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Renowned World War Two historian James Holland presents an entirely new perspective on one of the most important moments in recent history. Unflinchingly examining the brutality and violence that characterised the campaign, it's time to draw some radically different conclusions.
D-Day and the 76 days of bitter fighting in Normandy that followed have come to be seen as a defining episode in the Second World War. Its story has been endlessly retold, and yet it remains a narrative burdened by both myth and assumed knowledge.
In this reexamined history, James Holland presents a broader overview, one that challenges much of what we think we know about D-Day and the Normandy campaign. The sheer size and scale of the Allies’ war machine ultimately dominates the strategic, operational and tactical limitations of the German forces.
This was a brutal campaign. In terms of daily casualties, the numbers were worse than for any one battle during the First World War.
What will you learn from Normandy ’44?
1. The truth about D-Day: James unflinchingly examines the brutality and violence that characterized this campaign: the average daily casualty rate of the 77-day campaign was 6,674.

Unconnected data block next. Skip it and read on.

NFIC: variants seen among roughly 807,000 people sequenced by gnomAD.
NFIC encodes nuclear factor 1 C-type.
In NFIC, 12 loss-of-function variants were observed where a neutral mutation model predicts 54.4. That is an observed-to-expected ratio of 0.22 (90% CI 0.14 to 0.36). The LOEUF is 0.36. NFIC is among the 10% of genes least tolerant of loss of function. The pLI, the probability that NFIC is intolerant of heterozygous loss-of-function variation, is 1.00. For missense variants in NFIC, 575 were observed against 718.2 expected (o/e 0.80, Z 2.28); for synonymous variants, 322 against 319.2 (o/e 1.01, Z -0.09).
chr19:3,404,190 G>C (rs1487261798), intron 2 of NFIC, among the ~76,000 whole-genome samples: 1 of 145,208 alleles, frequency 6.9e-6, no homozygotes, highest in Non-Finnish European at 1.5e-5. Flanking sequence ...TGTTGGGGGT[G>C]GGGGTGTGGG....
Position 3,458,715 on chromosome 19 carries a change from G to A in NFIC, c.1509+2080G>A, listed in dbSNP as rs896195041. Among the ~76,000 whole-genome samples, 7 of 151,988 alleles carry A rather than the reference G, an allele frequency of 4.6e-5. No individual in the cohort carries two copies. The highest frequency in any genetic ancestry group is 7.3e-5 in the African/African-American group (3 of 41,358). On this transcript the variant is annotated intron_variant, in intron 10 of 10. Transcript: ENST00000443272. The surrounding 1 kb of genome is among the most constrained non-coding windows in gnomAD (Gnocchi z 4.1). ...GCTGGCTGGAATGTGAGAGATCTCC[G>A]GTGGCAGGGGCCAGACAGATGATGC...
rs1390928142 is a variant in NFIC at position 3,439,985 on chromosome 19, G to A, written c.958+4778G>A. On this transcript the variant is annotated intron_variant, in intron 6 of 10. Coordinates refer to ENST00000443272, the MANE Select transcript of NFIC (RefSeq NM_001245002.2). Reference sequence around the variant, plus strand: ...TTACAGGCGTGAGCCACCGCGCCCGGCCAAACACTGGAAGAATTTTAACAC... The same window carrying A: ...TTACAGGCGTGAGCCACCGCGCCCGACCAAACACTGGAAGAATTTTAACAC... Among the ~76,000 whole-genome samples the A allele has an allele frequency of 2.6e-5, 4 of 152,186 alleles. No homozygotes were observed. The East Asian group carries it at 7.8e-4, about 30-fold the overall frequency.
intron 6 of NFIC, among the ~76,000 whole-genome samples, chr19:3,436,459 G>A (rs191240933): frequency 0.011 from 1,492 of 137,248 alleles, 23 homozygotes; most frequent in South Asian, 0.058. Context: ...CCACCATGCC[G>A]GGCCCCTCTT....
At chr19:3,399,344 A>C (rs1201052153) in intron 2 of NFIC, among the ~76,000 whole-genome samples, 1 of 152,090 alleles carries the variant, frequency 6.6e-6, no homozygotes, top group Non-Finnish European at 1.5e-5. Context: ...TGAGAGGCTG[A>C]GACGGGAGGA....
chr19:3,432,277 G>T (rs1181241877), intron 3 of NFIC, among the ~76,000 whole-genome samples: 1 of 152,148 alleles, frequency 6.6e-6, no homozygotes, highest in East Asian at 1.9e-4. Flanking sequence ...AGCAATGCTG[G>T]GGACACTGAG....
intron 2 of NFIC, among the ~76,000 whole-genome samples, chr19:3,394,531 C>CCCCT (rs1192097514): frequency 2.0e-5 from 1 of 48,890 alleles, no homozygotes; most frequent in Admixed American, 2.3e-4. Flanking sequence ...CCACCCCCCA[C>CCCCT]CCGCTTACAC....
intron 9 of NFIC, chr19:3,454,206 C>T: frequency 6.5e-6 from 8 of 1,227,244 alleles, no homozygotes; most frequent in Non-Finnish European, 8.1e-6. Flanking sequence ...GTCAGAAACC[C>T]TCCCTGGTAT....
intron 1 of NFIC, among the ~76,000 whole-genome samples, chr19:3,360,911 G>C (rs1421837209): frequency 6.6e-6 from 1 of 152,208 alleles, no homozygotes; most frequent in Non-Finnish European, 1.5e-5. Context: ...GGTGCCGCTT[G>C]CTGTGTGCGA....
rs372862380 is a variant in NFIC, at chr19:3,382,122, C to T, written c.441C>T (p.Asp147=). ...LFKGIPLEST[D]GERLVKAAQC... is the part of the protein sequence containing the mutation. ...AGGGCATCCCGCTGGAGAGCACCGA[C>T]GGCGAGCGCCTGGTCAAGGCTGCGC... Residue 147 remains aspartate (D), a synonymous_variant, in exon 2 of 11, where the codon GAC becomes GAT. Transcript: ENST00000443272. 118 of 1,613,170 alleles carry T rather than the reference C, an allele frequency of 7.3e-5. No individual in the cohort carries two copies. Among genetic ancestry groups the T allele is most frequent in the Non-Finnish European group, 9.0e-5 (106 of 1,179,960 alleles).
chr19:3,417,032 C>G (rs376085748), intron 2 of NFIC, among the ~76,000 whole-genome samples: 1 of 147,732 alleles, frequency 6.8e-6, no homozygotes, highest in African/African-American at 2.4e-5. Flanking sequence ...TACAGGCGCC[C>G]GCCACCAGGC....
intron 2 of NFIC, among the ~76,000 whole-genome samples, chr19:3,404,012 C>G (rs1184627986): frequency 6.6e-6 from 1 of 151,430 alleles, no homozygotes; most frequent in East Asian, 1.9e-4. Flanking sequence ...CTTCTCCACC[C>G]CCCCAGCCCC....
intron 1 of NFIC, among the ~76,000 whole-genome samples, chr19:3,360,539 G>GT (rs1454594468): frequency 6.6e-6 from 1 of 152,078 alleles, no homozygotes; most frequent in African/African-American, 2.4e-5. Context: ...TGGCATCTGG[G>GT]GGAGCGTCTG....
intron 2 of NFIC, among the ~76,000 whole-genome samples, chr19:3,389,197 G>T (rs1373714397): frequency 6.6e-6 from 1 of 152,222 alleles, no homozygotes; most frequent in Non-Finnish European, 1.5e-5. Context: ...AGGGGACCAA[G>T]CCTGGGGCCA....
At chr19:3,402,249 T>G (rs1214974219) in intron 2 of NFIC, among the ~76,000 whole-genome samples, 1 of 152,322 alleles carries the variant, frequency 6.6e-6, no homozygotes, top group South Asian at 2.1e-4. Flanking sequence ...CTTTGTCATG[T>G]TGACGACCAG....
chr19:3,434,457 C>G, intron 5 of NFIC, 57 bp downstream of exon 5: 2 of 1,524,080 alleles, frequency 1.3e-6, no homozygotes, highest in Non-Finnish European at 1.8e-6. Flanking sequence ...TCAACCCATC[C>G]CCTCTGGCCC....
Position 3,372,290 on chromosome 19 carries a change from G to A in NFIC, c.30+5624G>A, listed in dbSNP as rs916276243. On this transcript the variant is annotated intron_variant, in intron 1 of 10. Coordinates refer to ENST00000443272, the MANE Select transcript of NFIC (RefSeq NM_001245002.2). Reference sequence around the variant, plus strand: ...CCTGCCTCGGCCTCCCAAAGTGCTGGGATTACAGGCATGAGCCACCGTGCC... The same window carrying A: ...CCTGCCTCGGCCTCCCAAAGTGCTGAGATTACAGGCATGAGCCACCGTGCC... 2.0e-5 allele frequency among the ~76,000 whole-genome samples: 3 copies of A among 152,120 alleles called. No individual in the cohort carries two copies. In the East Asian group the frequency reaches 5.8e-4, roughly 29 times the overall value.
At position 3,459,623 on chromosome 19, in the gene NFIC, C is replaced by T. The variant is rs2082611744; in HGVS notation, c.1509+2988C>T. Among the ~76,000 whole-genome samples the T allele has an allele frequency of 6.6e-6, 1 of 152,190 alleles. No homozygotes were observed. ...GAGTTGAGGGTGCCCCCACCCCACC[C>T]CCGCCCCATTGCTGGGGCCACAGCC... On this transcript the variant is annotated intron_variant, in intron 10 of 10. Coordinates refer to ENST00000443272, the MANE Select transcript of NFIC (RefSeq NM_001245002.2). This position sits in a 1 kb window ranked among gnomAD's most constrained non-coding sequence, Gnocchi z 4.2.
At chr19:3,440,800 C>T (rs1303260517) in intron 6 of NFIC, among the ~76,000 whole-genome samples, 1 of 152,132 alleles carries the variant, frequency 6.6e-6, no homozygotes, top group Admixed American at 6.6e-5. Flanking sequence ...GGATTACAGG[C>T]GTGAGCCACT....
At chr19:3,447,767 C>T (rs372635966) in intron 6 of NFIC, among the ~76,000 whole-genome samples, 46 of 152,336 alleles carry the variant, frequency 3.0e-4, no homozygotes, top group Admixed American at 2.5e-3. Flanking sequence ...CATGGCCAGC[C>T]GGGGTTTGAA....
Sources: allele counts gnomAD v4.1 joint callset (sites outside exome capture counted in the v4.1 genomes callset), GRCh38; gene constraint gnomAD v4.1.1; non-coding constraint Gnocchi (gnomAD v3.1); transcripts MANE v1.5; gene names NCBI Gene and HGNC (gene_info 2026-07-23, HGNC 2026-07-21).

2. The existing mythology: The notion of the invincible, better-equipped Nazi forces is a myth. It’s time to draw some radically different conclusions.
3. Leadership: A new look at the often criticised General Montgomery whose plan was in fact agreed by all concerned.
4. Operational warfare: Since the 1960s, the big books on Normandy have largely left this aspect of war out of the narrative. James Holland rightly brings it back into the light.
5. Tactics: James will argue that the fire-power, resource-heavy approach to war that the Allies undertook was 100% the correct way to go, and explores why.
6. Strategy: The Germans had the ‘freedom of poverty’, a term James coins to illustrate the comparative ease of troop coordination due to their relatively small numbers in the face of larger Allied forces, who equally experienced the ‘constraints of wealth’.
7. Air power: The enormous role of Allied air power has been hugely underplayed in scholarship. From German testimonies, it is the one factor that, above all, they mention in connection with their experiences at the front.
8. Naval power: James dissects the enormous influence of the navy that has often been underappreciated.
9. Terrain: Normandy is a character within itself, with unique terrain that made offensive operations very difficult for both sides.
10. Key eye witnesses: The use of eye witnesses is vital, but where other historians may use many brief testimonies, James uses a selective cast of witnesses to convey the experience of war in greater depth, and, most importantly, to illustrate the bigger picture.